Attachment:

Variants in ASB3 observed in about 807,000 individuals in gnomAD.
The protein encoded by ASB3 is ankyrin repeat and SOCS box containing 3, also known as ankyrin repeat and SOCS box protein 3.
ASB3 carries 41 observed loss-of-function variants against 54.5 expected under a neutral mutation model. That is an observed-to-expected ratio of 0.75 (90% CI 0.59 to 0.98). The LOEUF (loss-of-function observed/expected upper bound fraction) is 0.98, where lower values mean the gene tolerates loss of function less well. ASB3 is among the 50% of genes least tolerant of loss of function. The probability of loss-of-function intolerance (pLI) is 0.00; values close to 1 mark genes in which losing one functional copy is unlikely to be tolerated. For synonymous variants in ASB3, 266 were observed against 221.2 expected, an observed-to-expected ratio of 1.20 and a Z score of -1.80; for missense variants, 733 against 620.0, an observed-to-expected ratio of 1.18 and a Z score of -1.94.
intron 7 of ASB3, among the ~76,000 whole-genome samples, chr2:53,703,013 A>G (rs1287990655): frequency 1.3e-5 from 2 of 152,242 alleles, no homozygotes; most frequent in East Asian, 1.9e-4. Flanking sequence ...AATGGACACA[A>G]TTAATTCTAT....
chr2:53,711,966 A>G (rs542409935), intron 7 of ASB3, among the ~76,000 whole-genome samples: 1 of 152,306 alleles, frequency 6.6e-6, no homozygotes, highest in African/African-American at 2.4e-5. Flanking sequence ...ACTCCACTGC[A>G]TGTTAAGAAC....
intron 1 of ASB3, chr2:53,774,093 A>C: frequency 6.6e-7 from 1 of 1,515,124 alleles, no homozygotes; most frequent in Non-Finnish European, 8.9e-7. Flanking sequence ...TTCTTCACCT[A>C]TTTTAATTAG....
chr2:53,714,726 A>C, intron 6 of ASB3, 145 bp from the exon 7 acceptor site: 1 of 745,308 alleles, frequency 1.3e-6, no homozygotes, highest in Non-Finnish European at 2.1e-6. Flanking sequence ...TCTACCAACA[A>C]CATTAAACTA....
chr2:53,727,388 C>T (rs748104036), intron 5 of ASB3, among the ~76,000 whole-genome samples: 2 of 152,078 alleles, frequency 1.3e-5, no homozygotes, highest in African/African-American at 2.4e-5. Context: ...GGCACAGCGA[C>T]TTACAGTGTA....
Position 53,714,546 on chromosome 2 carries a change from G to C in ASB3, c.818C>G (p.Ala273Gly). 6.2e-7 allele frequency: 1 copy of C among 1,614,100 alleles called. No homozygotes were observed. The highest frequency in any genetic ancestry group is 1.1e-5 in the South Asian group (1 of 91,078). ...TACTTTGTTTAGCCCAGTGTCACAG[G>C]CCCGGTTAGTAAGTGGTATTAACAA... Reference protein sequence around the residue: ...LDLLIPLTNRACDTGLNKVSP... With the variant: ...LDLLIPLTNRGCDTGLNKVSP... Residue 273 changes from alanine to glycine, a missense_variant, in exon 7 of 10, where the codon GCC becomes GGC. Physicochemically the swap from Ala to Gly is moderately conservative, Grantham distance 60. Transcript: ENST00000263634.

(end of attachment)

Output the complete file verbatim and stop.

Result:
Variants in ASB3 observed in about 807,000 individuals in gnomAD.
The protein encoded by ASB3 is ankyrin repeat and SOCS box containing 3, also known as ankyrin repeat and SOCS box protein 3.
ASB3 carries 41 observed loss-of-function variants against 54.5 expected under a neutral mutation model. That is an observed-to-expected ratio of 0.75 (90% CI 0.59 to 0.98). The LOEUF (loss-of-function observed/expected upper bound fraction) is 0.98, where lower values mean the gene tolerates loss of function less well. ASB3 is among the 50% of genes least tolerant of loss of function. The probability of loss-of-function intolerance (pLI) is 0.00; values close to 1 mark genes in which losing one functional copy is unlikely to be tolerated. For synonymous variants in ASB3, 266 were observed against 221.2 expected, an observed-to-expected ratio of 1.20 and a Z score of -1.80; for missense variants, 733 against 620.0, an observed-to-expected ratio of 1.18 and a Z score of -1.94.
intron 7 of ASB3, among the ~76,000 whole-genome samples, chr2:53,703,013 A>G (rs1287990655): frequency 1.3e-5 from 2 of 152,242 alleles, no homozygotes; most frequent in East Asian, 1.9e-4. Flanking sequence ...AATGGACACA[A>G]TTAATTCTAT....
chr2:53,711,966 A>G (rs542409935), intron 7 of ASB3, among the ~76,000 whole-genome samples: 1 of 152,306 alleles, frequency 6.6e-6, no homozygotes, highest in African/African-American at 2.4e-5. Flanking sequence ...ACTCCACTGC[A>G]TGTTAAGAAC....
intron 1 of ASB3, chr2:53,774,093 A>C: frequency 6.6e-7 from 1 of 1,515,124 alleles, no homozygotes; most frequent in Non-Finnish European, 8.9e-7. Flanking sequence ...TTCTTCACCT[A>C]TTTTAATTAG....
chr2:53,714,726 A>C, intron 6 of ASB3, 145 bp from the exon 7 acceptor site: 1 of 745,308 alleles, frequency 1.3e-6, no homozygotes, highest in Non-Finnish European at 2.1e-6. Flanking sequence ...TCTACCAACA[A>C]CATTAAACTA....
chr2:53,727,388 C>T (rs748104036), intron 5 of ASB3, among the ~76,000 whole-genome samples: 2 of 152,078 alleles, frequency 1.3e-5, no homozygotes, highest in African/African-American at 2.4e-5. Context: ...GGCACAGCGA[C>T]TTACAGTGTA....
Position 53,714,546 on chromosome 2 carries a change from G to C in ASB3, c.818C>G (p.Ala273Gly). 6.2e-7 allele frequency: 1 copy of C among 1,614,100 alleles called. No homozygotes were observed. The highest frequency in any genetic ancestry group is 1.1e-5 in the South Asian group (1 of 91,078). ...TACTTTGTTTAGCCCAGTGTCACAG[G>C]CCCGGTTAGTAAGTGGTATTAACAA... Reference protein sequence around the residue: ...LDLLIPLTNRACDTGLNKVSP... With the variant: ...LDLLIPLTNRGCDTGLNKVSP... Residue 273 changes from alanine to glycine, a missense_variant, in exon 7 of 10, where the codon GCC becomes GGC. Physicochemically the swap from Ala to Gly is moderately conservative, Grantham distance 60. Transcript: ENST00000263634.